• Oh and I forgot to mention, despite what the output is showing, it is actually moving messages from the archive to the primary mailbox, slowly, at about 3-4 messages per second.


    • The call to move items is asynchronous. When instructing Exchange to move items to folder X, folder X gets sort of locked and you cannot move more items to folder X until the previous move operation has finished. If you took care of throttling, it could be that the operation is resource constraint. The script tries to ease off when it gets told the ServerBusyException (message indicates it is), by adding delays and lowering the batch size (varies from 10 to 50 items per move request). After the request, Exchange can still be busy moving items from archive to mailbox, so then it’s a matter of waiting. Haven’t found a way to speed up this process, if only Managed Folder Assistant could move stuff back as well 🙂


  8. Hi Michel

    I have client who has 1 year retention but now wants emails moved back and have 2 year retention. What’s the best way of doing this. Current mailbox size is 29GB and archive is 104GB auto expanding. So end goal is main mailbox should have 2 years worth of emails and rest stay in in place archive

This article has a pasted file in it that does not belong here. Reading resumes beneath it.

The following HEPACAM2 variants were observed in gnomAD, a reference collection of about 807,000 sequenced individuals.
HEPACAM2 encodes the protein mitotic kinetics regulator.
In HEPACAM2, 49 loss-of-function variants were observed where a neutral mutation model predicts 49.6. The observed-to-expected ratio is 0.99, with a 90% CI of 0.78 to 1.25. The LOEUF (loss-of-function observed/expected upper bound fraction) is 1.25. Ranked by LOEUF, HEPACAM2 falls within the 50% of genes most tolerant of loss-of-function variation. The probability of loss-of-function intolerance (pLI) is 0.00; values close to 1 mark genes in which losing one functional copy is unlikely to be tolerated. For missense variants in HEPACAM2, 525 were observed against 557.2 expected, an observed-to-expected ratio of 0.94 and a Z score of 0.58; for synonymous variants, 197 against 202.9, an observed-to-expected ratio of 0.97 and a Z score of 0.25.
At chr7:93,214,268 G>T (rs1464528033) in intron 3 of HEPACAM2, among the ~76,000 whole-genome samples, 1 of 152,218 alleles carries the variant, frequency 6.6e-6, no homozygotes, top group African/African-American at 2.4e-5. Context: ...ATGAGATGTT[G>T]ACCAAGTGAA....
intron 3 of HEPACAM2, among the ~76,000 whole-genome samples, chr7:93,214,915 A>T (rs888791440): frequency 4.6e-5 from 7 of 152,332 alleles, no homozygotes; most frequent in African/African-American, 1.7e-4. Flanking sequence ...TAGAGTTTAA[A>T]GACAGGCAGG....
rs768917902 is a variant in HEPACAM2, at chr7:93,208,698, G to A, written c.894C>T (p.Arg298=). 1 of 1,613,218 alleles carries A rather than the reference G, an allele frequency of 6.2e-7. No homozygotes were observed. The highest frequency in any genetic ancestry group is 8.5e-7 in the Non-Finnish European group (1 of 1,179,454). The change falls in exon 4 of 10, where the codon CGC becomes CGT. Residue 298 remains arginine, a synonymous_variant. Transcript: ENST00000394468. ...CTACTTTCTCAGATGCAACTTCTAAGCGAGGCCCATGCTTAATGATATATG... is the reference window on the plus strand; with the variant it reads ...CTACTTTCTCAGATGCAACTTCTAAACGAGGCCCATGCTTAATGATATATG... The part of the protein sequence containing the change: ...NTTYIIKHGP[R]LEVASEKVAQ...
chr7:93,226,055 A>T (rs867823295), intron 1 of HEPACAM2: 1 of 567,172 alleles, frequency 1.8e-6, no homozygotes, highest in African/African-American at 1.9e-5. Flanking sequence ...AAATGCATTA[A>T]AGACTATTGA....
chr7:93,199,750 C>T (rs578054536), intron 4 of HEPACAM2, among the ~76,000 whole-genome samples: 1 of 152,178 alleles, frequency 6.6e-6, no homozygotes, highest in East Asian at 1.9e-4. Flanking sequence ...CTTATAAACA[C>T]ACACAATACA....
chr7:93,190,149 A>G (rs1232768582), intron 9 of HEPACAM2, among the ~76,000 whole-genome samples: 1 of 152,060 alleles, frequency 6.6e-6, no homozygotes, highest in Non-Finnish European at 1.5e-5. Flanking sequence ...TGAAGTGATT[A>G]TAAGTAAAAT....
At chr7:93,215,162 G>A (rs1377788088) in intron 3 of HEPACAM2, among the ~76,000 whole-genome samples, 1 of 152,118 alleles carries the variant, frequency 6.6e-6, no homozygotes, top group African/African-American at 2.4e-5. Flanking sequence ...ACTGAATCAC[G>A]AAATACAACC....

• Change retention policy, depending on if you made new tags or updated the existing one wait for Managed Folder Assistant to process mailbox, and finally unarchive items younger than X days. That last part is currently not an option of this script, but I put it on the to list since it sounds like a good idea when customers increase the retention time before archiving items.


  9. Hello,

    I worked for a long time to get all pre requisites completed for your script and get it working, I got stuck and can’t proceed go ahead of here. Let me know please if I can get any help.

    VERBOSE: Module Microsoft.Exchange.WebServices v2.2.1.0 already loaded
    VERBOSE: Module Microsoft.Identity.Client v4.24.0.0 already loaded
    VERBOSE: Will use provided secret to authenticate